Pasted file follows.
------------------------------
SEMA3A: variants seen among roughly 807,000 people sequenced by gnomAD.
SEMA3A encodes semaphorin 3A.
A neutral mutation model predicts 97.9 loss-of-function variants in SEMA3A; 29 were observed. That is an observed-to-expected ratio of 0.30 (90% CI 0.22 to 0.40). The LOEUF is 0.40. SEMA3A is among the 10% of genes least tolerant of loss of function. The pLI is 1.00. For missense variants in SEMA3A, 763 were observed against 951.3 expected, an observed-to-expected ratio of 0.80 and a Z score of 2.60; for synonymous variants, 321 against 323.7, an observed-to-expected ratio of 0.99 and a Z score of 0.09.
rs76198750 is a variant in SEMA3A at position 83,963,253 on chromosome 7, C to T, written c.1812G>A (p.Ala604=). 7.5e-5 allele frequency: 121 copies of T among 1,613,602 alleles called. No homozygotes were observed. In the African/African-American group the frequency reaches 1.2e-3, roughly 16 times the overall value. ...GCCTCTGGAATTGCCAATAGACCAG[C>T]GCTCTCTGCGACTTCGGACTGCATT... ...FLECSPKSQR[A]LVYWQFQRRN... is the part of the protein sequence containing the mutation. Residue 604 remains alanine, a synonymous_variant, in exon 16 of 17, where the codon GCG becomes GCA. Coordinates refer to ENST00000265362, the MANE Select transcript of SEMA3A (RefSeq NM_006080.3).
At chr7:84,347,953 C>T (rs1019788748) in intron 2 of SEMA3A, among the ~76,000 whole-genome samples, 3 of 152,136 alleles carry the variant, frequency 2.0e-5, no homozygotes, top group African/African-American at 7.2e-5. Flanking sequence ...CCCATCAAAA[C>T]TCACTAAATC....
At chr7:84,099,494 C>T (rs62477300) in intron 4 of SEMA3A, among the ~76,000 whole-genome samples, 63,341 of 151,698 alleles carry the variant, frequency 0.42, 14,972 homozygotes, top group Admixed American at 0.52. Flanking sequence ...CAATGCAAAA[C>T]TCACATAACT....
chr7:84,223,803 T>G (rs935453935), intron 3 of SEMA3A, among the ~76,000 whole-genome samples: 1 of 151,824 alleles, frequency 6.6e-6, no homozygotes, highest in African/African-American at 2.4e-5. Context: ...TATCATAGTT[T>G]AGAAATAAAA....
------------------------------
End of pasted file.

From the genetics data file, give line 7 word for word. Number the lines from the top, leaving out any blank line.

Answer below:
chr7:84,223,803 T>G (rs935453935), intron 3 of SEMA3A, among the ~76,000 whole-genome samples: 1 of 151,824 alleles, frequency 6.6e-6, no homozygotes, highest in African/African-American at 2.4e-5. Context: ...TATCATAGTT[T>G]AGAAATAAAA....